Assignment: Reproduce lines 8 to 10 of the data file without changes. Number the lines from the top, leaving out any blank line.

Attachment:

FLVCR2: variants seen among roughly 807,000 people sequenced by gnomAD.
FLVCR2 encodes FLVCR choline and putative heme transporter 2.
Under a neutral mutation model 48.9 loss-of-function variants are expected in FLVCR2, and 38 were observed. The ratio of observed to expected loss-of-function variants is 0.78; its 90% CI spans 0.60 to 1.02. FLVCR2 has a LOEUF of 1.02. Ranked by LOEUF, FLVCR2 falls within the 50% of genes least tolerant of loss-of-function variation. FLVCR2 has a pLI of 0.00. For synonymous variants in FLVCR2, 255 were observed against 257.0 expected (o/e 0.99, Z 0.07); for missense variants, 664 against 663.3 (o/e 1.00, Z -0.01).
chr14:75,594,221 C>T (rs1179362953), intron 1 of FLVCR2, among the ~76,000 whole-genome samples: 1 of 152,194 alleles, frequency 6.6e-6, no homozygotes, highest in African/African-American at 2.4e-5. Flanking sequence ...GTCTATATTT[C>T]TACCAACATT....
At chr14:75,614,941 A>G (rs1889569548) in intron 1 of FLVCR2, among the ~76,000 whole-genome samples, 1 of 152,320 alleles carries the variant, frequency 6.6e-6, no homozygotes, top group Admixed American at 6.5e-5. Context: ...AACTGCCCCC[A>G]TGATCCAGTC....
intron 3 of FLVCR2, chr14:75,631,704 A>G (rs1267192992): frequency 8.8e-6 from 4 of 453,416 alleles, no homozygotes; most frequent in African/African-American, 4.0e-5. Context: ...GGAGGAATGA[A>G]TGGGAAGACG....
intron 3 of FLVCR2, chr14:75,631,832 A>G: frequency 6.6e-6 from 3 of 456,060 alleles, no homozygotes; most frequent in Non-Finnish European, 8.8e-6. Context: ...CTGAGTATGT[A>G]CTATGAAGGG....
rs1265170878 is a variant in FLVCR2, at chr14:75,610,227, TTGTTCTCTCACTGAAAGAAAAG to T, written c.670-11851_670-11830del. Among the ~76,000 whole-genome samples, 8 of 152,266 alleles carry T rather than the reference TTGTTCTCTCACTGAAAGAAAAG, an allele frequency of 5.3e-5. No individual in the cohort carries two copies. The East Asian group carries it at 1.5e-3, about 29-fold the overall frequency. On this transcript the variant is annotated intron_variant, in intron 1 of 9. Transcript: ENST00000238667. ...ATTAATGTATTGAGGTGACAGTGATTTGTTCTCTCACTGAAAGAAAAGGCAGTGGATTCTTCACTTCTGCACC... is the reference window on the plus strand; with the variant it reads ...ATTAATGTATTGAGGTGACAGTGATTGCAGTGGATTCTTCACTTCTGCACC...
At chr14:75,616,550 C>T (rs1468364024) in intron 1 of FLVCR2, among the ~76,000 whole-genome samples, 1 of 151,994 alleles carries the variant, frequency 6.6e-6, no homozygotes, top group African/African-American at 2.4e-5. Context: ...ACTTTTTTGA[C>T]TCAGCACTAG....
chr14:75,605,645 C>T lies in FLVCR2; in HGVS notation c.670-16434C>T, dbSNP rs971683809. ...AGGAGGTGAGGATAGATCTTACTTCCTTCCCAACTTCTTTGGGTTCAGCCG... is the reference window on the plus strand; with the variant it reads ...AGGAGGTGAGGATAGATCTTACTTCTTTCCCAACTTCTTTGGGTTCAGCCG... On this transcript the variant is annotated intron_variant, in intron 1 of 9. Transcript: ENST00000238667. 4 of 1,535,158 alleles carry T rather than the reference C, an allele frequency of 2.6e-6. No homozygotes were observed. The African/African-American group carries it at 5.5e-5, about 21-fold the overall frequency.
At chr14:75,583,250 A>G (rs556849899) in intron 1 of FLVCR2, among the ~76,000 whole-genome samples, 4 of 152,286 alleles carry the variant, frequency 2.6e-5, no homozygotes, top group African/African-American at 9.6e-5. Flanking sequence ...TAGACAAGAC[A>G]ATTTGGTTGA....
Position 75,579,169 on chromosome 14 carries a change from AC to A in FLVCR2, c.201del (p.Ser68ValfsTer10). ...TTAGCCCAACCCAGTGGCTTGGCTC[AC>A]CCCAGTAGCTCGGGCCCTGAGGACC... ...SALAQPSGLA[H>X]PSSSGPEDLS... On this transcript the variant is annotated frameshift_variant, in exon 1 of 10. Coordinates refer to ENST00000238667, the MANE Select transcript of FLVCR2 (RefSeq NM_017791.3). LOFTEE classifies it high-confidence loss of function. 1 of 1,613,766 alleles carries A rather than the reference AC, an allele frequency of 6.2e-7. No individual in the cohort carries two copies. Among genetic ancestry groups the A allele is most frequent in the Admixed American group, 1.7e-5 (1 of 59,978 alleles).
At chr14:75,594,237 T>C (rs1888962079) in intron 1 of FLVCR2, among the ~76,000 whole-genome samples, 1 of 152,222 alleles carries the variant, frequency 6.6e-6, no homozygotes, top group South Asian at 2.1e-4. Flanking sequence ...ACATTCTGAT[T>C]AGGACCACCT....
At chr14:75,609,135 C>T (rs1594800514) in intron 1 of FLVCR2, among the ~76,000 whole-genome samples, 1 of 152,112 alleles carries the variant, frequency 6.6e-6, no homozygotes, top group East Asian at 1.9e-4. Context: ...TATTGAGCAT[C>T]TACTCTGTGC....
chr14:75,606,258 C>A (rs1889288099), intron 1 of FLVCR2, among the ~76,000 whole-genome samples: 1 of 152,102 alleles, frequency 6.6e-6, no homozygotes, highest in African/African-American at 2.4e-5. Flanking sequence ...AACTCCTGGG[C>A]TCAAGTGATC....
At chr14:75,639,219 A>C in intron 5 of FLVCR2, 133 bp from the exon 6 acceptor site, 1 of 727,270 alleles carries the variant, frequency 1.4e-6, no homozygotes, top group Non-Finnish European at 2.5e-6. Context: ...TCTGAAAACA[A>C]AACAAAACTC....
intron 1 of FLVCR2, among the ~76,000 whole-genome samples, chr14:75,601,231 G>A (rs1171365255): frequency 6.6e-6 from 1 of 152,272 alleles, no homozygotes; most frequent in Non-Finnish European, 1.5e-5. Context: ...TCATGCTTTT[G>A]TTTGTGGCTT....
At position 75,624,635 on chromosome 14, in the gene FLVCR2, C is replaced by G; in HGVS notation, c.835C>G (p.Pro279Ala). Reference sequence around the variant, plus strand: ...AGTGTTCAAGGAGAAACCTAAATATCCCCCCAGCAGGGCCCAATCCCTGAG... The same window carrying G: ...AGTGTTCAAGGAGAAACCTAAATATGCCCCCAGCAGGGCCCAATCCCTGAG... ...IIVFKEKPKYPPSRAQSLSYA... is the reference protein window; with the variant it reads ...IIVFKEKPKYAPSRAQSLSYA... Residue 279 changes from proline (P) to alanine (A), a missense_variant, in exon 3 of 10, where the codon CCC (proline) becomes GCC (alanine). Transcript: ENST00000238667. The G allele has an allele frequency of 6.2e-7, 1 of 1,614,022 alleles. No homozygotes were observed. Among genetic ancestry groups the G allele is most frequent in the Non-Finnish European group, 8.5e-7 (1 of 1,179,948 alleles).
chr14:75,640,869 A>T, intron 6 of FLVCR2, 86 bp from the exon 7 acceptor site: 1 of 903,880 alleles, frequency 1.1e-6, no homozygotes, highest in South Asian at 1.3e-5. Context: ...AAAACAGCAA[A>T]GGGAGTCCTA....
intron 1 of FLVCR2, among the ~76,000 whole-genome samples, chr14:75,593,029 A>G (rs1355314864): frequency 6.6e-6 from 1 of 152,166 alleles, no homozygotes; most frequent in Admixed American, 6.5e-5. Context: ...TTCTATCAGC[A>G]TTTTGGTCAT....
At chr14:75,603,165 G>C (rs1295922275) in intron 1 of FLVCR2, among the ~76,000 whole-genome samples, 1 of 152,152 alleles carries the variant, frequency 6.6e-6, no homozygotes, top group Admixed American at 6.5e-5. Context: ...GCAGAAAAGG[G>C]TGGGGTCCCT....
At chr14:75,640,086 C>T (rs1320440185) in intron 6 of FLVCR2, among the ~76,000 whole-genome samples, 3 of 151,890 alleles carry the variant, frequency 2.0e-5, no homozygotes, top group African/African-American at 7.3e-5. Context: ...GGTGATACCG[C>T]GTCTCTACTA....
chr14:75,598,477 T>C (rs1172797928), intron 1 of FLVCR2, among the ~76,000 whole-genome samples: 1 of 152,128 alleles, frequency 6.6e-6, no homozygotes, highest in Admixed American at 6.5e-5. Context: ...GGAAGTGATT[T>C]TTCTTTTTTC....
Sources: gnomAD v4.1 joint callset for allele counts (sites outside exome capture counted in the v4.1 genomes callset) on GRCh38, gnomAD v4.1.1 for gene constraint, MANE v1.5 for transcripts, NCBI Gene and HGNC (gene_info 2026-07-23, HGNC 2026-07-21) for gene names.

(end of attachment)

rs1265170878 is a variant in FLVCR2, at chr14:75,610,227, TTGTTCTCTCACTGAAAGAAAAG to T, written c.670-11851_670-11830del. Among the ~76,000 whole-genome samples, 8 of 152,266 alleles carry T rather than the reference TTGTTCTCTCACTGAAAGAAAAG, an allele frequency of 5.3e-5. No individual in the cohort carries two copies. The East Asian group carries it at 1.5e-3, about 29-fold the overall frequency. On this transcript the variant is annotated intron_variant, in intron 1 of 9. Transcript: ENST00000238667. ...ATTAATGTATTGAGGTGACAGTGATTTGTTCTCTCACTGAAAGAAAAGGCAGTGGATTCTTCACTTCTGCACC... is the reference window on the plus strand; with the variant it reads ...ATTAATGTATTGAGGTGACAGTGATTGCAGTGGATTCTTCACTTCTGCACC...
At chr14:75,616,550 C>T (rs1468364024) in intron 1 of FLVCR2, among the ~76,000 whole-genome samples, 1 of 151,994 alleles carries the variant, frequency 6.6e-6, no homozygotes, top group African/African-American at 2.4e-5. Context: ...ACTTTTTTGA[C>T]TCAGCACTAG....
chr14:75,605,645 C>T lies in FLVCR2; in HGVS notation c.670-16434C>T, dbSNP rs971683809. ...AGGAGGTGAGGATAGATCTTACTTCCTTCCCAACTTCTTTGGGTTCAGCCG... is the reference window on the plus strand; with the variant it reads ...AGGAGGTGAGGATAGATCTTACTTCTTTCCCAACTTCTTTGGGTTCAGCCG... On this transcript the variant is annotated intron_variant, in intron 1 of 9. Transcript: ENST00000238667. 4 of 1,535,158 alleles carry T rather than the reference C, an allele frequency of 2.6e-6. No homozygotes were observed. The African/African-American group carries it at 5.5e-5, about 21-fold the overall frequency.